Right at that very moment as I sat with my family I understood my mom was a victim of a vicious and cruel robbery . . . Violated and robbed again and I just knew I needed to tell her story. God connected the pieces of the puzzle for me and I felt so strongly that I need to speak out about this theft my mom was and is experiencing.

You see it isn’t a man with a gun robbing her, it is a disease called Alzheimer‘s.

What is slowly being stolen from my mom are her memories, her essence. Think about this, really think about this, what is life? What does life really mean if you don’t have memories? What would your life be like if you didn’t remember the day your children were born? Many adults tend to joke as they get older that their birthdays are just another day on the calendar, but what if that were really true? My mom no longer knows that May 27 is her birthday.

What if you didn’t know what day of the week it is or what month it is ever again? What if you couldn’t remember how to do something as simple as tying your shoes, writing a sentence, turning on a TV, or using a phone? I know for all those that haven’t known my mom long it might be hard to believe, but the person my mom is today is a very simple shell of the person I once knew. She really is nothing like herself.

Each and every day my soul hurts, I feel a sadness like I‘ve never felt before, and a part of me feels hollow. I have a very hard time looking at my mom, looking into her eyes, because the person I see looks like my mom, smiles like my mom, sounds like my mom, but I am devastated to say, my Alzheimer’s mom is a very different person than I have ever known my mom to be.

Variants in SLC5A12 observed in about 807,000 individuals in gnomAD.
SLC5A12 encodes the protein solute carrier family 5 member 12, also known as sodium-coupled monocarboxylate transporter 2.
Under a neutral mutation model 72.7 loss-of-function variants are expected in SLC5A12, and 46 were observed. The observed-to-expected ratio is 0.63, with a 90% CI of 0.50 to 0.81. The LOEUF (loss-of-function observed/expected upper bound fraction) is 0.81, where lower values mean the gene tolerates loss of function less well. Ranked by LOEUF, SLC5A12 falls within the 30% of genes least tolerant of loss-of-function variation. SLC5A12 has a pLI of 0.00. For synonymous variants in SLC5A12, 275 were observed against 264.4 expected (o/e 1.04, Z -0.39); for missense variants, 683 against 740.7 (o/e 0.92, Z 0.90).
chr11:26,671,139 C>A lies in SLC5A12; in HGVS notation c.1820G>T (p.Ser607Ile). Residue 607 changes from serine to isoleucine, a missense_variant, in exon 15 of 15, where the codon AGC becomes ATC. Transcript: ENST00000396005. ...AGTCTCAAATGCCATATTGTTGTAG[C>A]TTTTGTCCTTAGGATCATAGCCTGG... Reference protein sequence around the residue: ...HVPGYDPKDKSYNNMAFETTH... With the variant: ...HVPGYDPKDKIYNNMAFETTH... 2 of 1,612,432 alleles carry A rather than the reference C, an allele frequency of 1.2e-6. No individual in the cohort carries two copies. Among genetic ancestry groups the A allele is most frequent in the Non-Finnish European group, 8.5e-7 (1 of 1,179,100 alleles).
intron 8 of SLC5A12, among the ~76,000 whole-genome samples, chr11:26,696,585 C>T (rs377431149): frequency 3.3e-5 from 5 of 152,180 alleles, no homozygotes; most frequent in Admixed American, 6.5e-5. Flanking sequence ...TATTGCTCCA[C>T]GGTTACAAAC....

My mom, who was once brilliant with numbers and harped on me to keep my check account balanced, can no longer keep her accounts in line, write a check, tell the time or know what the date is; she can’t add or subtract, or do any other task involving numbers. Alzheimer’s has stolen her brilliance with numbers.

In her living space hang beautiful oil paintings and ceramic paintings. Any thief would definitely steal them right from the wall, but my mom’s paintings weren’t stolen, her ability and desire to paint is gone though. Alzheimer’s has taken that. The amazing talent for painting that she displayed throughout her life is gone.